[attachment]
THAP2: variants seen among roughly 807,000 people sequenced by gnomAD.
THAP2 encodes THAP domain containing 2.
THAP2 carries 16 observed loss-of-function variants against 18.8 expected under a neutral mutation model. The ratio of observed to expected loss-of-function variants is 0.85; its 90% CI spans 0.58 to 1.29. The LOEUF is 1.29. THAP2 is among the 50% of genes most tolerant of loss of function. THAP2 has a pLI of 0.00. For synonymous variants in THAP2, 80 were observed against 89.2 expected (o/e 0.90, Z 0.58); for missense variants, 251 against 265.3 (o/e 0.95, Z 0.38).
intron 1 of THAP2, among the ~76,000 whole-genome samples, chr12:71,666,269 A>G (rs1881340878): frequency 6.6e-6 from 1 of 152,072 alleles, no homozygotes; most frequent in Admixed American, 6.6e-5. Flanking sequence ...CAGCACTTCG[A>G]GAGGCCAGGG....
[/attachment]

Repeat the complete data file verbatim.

THAP2: variants seen among roughly 807,000 people sequenced by gnomAD.
THAP2 encodes THAP domain containing 2.
THAP2 carries 16 observed loss-of-function variants against 18.8 expected under a neutral mutation model. The ratio of observed to expected loss-of-function variants is 0.85; its 90% CI spans 0.58 to 1.29. The LOEUF is 1.29. THAP2 is among the 50% of genes most tolerant of loss of function. THAP2 has a pLI of 0.00. For synonymous variants in THAP2, 80 were observed against 89.2 expected (o/e 0.90, Z 0.58); for missense variants, 251 against 265.3 (o/e 0.95, Z 0.38).
intron 1 of THAP2, among the ~76,000 whole-genome samples, chr12:71,666,269 A>G (rs1881340878): frequency 6.6e-6 from 1 of 152,072 alleles, no homozygotes; most frequent in Admixed American, 6.6e-5. Flanking sequence ...CAGCACTTCG[A>G]GAGGCCAGGG....